Losing Focus in the Practice Room

Do you ever lose focus when practising the piano? And if so, do you keep practising or do you stop? In this article, I’m going to show you what happens when you lose focus and what you should do.


losing focus at the piano


Have you ever noticed how sometimes, when doing an activity that requires focus, like sight-reading or piano practice, there comes a point where the longer you persist, the more you lose focus and the more you make mistakes?


Let me share a little story to explain what I mean… 


I was once accompanying a boy on the violin. His parents wanted to record him playing this one piece. We spent close to an hour playing the piece over and over and over again. When we reached the end of the piece, the mother would ask her son: “Do you want to do it again?” And the son would just nod. And so, we’d do it all over again, even though there had been nothing wrong with the previous take.  


Towards the end of the hour, it was clear that both the boy and I were starting to lose focus as mistakes started creeping in. Just before we were about to embark on yet another round of the same piece, I asked the mother whether this could be our last take because her son and I were both losing focus. She agreed somewhat reluctantly. We were about a third of the way in when the boy had a memory slip. So that was that. Luckily, we all agreed on our favourite take, which was a few takes back.  


If there’s one positive thing from all this is that we played it so many times that I practically learned the piano part by heart! 


Why we lose focus

I relate this episode as a testament to the fact that the law of diminishing returns is a real thing. In case you don’t know, the law of diminishing returns is a concept used in economics which “defines a point on a production curve whereby producing an additional unit of output will result in a loss and is known as negative returns.” (Wikipedia) 


In other words, there comes a point in time where no matter how much more effort you exert, you won’t get any more results but lesser results, like in my anecdote above. 


I wish I was able to focus for an hour but I find it hard. The fact of the matter is that we humans are not machines. We can’t keep focusing on one thing forever and expect the same quality. There will come a time when we can no longer maintain focus, whether we like it or not. There is a reason why we sleep 8 hours every night. We need to recover and gain our energy back.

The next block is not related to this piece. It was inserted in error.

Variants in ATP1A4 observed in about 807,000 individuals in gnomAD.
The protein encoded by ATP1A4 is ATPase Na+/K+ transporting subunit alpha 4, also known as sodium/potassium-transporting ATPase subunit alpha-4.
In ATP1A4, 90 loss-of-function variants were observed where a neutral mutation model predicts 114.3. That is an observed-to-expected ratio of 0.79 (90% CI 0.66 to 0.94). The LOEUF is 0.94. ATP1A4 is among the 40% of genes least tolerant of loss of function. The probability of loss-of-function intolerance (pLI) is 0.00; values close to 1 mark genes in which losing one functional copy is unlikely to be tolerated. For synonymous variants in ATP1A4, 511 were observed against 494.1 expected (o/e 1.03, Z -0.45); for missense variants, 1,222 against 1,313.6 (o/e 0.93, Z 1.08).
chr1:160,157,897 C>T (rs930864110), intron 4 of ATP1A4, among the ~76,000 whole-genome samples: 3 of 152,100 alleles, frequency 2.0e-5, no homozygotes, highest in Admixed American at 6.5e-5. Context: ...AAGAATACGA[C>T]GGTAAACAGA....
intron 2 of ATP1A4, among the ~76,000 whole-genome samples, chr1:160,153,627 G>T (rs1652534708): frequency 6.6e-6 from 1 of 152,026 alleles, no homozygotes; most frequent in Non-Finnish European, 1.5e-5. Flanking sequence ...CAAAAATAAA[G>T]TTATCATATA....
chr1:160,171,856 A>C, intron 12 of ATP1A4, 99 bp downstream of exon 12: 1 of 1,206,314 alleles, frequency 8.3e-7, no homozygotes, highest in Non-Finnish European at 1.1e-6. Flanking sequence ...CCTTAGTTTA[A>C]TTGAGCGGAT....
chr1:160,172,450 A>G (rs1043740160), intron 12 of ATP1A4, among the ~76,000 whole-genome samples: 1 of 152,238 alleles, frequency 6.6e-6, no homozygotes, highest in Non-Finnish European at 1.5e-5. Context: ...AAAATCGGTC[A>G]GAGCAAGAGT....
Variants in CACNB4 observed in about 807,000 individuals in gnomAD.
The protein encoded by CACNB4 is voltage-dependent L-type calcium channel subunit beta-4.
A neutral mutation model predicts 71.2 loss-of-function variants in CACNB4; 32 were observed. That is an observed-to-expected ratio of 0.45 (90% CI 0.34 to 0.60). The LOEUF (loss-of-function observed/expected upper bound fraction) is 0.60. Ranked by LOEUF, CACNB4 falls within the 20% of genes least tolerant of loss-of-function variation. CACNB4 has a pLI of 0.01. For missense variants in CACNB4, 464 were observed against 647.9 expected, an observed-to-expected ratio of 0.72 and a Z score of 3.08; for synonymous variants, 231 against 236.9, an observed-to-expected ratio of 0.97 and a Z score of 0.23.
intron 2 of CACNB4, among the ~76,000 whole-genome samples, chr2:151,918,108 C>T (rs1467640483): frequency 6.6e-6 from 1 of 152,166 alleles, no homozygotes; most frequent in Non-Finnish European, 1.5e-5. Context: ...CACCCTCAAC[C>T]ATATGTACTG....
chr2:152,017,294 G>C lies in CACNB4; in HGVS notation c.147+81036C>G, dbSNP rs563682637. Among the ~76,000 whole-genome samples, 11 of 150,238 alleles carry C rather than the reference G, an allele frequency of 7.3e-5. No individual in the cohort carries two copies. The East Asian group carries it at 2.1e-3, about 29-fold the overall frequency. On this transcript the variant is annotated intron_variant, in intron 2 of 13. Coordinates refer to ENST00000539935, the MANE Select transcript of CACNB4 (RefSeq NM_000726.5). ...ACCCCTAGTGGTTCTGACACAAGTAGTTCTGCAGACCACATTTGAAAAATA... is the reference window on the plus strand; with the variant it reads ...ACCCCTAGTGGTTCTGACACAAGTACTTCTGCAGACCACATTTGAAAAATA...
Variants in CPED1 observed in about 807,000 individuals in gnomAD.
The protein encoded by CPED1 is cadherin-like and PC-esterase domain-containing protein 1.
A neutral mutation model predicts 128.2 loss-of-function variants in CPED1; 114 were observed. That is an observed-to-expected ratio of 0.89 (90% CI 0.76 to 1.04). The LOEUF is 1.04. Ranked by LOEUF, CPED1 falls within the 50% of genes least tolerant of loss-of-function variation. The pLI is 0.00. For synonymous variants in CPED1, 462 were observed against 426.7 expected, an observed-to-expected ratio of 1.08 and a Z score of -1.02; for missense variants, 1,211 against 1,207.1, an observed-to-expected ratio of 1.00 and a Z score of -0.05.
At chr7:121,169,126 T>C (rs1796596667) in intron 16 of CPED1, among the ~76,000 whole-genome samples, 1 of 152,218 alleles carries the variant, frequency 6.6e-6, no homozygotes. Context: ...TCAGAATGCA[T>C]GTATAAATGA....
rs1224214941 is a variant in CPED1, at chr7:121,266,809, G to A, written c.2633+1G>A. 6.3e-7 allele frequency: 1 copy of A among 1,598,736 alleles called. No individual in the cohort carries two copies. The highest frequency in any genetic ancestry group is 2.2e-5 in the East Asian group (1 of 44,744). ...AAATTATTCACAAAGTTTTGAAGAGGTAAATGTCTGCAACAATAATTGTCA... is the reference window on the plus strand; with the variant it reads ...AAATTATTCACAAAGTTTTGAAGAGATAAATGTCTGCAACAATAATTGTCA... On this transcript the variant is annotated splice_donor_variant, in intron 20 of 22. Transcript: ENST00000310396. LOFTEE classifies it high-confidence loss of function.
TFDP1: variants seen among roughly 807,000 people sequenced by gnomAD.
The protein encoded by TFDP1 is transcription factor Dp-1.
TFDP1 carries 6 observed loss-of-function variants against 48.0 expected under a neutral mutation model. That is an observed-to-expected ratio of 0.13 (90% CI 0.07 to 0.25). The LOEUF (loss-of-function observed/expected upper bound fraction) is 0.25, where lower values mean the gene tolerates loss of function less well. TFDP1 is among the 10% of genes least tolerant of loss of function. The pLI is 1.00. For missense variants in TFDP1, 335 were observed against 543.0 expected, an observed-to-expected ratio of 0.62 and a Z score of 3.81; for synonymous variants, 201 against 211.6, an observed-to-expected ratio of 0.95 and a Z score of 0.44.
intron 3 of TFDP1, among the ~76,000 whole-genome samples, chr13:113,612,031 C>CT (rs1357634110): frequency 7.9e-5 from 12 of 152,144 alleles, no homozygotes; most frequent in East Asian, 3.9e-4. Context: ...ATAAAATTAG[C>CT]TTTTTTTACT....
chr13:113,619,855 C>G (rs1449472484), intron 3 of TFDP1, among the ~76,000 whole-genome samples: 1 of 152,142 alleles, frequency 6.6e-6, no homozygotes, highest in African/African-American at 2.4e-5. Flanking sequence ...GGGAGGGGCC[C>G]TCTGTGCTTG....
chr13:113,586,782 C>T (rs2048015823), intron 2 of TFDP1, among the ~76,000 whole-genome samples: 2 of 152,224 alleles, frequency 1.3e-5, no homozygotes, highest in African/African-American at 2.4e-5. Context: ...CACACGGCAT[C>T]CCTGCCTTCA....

being tired at the piano


So I use this story as a reminder that if you ever feel your focus waning, whether during piano practice or at work, just stop. Take a break, come back to it later or leave it for another day. The results you will get when your mind is out of focus will be negligible and most likely a waste of time. We need to learn to listen to the signs we feel in our body and mind and make the most of it when the mind is at its sharpest. 


That is why I recommend you start your practice with sight-reading or right after your technical work because to sight-read effectively, you need a lot of concentration. If you leave sight-reading until the end of a 2-hour practice session, you will probably find it hard to concentrate on the notes, the rhythm and all the other markings. Your brain won’t be able to take it all in. And then you’ll become frustrated at how hard it feels because your mind is already fatigued.  


Having said that…

If you want to be able to focus for longer, you can train your mind to do so progressively over time. If you notice yourself losing concentration after 10 minutes of sight-reading, then push on for just one more minute. Then next time you practise sight-reading, try going for just a bit longer, and so on.  


LEARN MORE >> 10 Tips to Stay Focused During Piano Practice


What do you do when you notice yourself losing focus? Do you forge on or do you stop?


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    Emmanuelle Fonsny

    Emmanuelle Fonsny

    Emmanuelle Fonsny, or Manu, is a piano and violin teacher, composer and accompanist based in Sydney, Australia. She is passionate about sharing her love of music and her sight-reading and practice tips to help other pianists become more confident sight-readers.



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